What matters most is getting the job done



John Riley

Groundswell

Choosing a new supplier is as fraught and as tempestuous as the forging of any new personal relationship....



John Riley

Groundswell

Choosing a new supplier is as fraught and as tempestuous as the forging of any new personal relationship. Optimism and blind faith combine with fear, uncertainty and doubt - and never more so in this e-business era, with its new breeds of suppliers, products and issues. Underlying everything is cultural change and a strong sense of urgency.

Against this backdrop it's easy to forget one core principle: that the software and hardware cost is irrelevant. What's really important is the overall cost of getting the whole job done - implementation, skilling, development, acceptance.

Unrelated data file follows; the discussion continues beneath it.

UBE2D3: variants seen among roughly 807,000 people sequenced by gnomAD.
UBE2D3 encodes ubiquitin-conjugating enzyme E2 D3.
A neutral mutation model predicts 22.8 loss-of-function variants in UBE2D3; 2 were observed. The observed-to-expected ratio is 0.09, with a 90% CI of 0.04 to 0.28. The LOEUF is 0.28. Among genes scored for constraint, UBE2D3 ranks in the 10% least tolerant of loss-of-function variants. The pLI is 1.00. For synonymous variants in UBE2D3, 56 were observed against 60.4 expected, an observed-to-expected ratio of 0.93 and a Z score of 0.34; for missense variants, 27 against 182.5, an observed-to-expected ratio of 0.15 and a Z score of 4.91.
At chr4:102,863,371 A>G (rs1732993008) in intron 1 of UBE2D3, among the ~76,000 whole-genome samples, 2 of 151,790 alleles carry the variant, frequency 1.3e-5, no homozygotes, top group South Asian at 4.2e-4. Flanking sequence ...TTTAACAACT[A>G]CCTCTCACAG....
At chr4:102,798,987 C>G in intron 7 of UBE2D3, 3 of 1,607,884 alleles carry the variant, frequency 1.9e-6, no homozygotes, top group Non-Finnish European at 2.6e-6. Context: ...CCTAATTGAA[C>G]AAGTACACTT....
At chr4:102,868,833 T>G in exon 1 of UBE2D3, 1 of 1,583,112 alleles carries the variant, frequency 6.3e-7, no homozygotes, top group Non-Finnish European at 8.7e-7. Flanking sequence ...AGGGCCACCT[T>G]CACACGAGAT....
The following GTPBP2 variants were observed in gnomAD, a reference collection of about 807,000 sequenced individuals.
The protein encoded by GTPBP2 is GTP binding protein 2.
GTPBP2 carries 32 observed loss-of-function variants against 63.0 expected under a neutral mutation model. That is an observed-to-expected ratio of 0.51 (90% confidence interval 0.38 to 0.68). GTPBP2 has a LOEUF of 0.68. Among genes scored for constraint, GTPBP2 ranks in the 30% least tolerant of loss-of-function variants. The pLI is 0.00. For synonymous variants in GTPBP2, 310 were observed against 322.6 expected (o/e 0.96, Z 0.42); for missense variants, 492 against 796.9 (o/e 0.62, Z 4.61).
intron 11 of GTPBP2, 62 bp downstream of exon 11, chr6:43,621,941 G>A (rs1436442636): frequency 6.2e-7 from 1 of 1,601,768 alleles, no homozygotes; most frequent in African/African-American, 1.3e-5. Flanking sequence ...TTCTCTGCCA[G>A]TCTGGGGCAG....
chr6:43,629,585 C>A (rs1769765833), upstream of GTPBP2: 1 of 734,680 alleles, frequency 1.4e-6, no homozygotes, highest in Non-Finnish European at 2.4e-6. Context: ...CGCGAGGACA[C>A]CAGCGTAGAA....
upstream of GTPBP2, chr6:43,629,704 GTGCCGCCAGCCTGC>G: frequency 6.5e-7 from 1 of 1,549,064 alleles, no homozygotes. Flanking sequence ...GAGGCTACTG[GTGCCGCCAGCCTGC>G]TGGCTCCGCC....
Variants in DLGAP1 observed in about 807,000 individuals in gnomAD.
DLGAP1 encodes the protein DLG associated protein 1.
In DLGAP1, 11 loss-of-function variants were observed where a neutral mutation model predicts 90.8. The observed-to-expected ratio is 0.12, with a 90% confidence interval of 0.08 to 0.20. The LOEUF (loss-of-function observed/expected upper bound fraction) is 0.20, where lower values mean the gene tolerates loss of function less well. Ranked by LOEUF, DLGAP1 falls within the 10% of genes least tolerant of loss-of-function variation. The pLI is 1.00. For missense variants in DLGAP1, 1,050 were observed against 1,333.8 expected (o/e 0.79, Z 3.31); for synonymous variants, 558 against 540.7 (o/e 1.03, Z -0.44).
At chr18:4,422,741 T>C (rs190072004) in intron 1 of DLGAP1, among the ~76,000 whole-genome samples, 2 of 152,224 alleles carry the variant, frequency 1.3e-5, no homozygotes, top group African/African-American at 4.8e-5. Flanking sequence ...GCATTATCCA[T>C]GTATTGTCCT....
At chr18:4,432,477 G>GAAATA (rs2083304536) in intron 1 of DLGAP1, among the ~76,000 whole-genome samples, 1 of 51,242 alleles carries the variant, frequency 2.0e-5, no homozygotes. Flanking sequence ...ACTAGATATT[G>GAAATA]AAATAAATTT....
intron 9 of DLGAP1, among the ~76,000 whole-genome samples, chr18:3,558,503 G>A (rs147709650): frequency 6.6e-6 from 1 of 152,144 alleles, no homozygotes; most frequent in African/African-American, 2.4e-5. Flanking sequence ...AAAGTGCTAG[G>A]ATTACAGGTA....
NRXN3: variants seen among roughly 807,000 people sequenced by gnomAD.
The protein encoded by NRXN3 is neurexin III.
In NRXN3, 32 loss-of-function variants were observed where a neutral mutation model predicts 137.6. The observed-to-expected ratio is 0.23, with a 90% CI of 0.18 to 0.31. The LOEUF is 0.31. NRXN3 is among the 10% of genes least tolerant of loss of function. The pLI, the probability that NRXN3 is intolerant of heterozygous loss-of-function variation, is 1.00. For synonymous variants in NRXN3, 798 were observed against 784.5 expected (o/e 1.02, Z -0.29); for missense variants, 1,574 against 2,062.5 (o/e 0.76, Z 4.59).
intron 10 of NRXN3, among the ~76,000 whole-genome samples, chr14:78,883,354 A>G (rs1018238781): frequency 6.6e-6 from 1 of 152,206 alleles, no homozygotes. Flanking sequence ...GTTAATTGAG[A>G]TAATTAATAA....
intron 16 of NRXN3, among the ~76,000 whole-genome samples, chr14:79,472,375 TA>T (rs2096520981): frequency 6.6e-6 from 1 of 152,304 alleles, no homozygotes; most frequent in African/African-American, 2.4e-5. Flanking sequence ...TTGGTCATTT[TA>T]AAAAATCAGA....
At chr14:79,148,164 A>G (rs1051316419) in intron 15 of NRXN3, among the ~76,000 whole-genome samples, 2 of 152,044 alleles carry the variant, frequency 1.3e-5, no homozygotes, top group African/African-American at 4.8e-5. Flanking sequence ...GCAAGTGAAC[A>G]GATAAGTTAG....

Both sides need to be clear about the benefits. Ideally there should be shared risk mixed with shared benefit, especially in a global corporate deal.

Gut feel does have an important role even in the cyber age. So body language and attitude during negotiation is important.

How much effort have the suppliers made, how much effort have they made to get a handle on your industry, your company, your people, your direction and your problems?

The strongest sense of commitment often comes out during the pressures of a site visit, when the focus on the softer issues can help achieve a mutually beneficial, enriching relationship. The alternative is bleak - wham, bang, no thanks and a large bill.

John Riley

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